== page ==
FIG. 7 is a flow diagram for one implementation of the system of FIG. 1 that illustrates the copying and pasting process from a vector graphics based document to a destination application and rendering lists in the destination application.

FIG. 8 is a diagram for one implementation of the system of FIG. 1 that illustrates a portion of a vector graphics document in an XML format designating a list.

FIG. 9 is a simulated screen for one implementation of the system of FIG. 1 that illustrates how the XML code of FIG. 8 containing lists is visualized by a document rendering utility.

FIG. 10 is a simulated screen for one implementation of the system of FIG. 1 showing how XML list content of FIG. 8 is rendered after being copied to another application which uses a different document format.

FIG. 11 is a flow diagram for one implementation of the system of FIG. 1 that illustrates a screen reader rendering audible output for a list.

DETAILED DESCRIPTION

For the purposes of promoting an understanding of the principles of the invention, reference will now be made to the embodiments illustrated in the drawings and specific language will be used to describe the same. It will nevertheless be understood that no limitation of the scope is thereby intended. Any alterations and further modifications in the described embodiments, and any further applications of the principles as described herein are contemplated as would normally occur to one skilled in the art.

The system may be described in the general context as an application used to detect lists and list items based on the rendering instructions given in an XPS document or other vector graphics based document formats, but the system also serves other purposes in addition to these. One or more of the techniques described herein can be implemented as features within software programs such as MICROSOFT® Office Word, MICROSOFT® Office POWERPOINT®, Adobe Acrobat, XPS viewers, and/or from any other type of program or service that allows creation of or can utilize lists. As described in further detail herein, in one implementation of the system, lists are recognized and translated to the format used in destination documents. In another implementation, lists can be recognized and translated to a screen reader that understands the input and utilizes voice output technology to make proper audible sounds identifying the list, read the text in the list, and explain the order of the list to the person who is listening.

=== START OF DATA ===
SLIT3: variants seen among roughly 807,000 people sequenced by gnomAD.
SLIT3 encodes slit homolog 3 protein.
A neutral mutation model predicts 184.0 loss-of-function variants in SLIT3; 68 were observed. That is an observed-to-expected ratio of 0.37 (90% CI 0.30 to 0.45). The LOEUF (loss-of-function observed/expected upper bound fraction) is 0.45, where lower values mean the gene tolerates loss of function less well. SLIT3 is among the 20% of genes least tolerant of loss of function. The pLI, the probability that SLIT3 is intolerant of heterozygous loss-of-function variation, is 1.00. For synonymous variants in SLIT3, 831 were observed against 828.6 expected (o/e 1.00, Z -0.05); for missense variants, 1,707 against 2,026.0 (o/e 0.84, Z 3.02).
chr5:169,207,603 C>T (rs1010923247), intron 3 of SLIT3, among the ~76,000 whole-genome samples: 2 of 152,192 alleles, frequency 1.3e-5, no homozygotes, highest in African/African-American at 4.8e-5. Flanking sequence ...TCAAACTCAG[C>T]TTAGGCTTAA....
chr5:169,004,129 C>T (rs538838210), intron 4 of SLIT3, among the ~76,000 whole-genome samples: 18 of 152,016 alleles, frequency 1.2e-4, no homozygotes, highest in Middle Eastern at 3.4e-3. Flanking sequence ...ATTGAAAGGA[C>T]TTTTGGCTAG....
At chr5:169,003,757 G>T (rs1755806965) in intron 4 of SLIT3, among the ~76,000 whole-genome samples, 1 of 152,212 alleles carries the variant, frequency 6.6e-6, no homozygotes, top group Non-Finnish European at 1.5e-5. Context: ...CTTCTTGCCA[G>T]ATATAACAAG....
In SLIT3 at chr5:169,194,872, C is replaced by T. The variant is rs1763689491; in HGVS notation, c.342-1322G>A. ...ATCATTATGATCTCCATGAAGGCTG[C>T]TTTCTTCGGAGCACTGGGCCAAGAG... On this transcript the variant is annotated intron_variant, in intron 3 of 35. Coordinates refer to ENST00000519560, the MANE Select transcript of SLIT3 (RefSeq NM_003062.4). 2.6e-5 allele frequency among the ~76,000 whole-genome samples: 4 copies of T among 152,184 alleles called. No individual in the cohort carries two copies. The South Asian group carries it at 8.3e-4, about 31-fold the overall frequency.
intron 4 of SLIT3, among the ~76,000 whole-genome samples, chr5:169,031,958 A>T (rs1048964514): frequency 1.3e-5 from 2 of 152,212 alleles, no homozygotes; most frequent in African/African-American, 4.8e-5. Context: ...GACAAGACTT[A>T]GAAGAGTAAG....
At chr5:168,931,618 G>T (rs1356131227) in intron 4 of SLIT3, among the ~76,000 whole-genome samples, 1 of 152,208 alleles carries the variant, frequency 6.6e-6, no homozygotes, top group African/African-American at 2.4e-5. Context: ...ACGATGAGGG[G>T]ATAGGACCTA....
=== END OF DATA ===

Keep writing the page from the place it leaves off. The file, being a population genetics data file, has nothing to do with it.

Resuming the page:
As shown in FIG. 1, an exemplary computer system to use for implementing one or more parts of the system includes a computing device, such as computing device 100. In its most basic configuration, computing device 100 typically includes at least one processing unit 102 and memory 104. Depending on the exact configuration and type of computing device, memory 104 may be volatile (such as RAM), non-volatile (such as ROM, flash memory, etc.) or some combination of the two. This most basic configuration is illustrated in FIG. 1 by dashed line 106.

Additionally, device 100 may also have additional features/functionality. For example, device 100 may also include additional storage (removable and/or non-removable) including, but not limited to, magnetic or optical disks or tape. Such additional storage is illustrated in FIG. 1 by removable storage 108 and non-removable storage 110. Computer storage media includes volatile and nonvolatile, removable and non-removable media implemented in any method or technology for storage of information such as computer readable instructions, data structures, program modules or other data. Memory 104, removable storage 108 and non-removable storage 110 are all examples of computer storage media. Computer storage media includes, but is not limited to, RAM, ROM, EEPROM, flash memory or other memory technology, CD-ROM, digital versatile disks (DVD) or other optical storage, magnetic cassettes, magnetic tape, magnetic disk storage or other magnetic storage devices, or any other medium which can be used to store the desired information and which can accessed by device 100. Any such computer storage media may be part of device 100.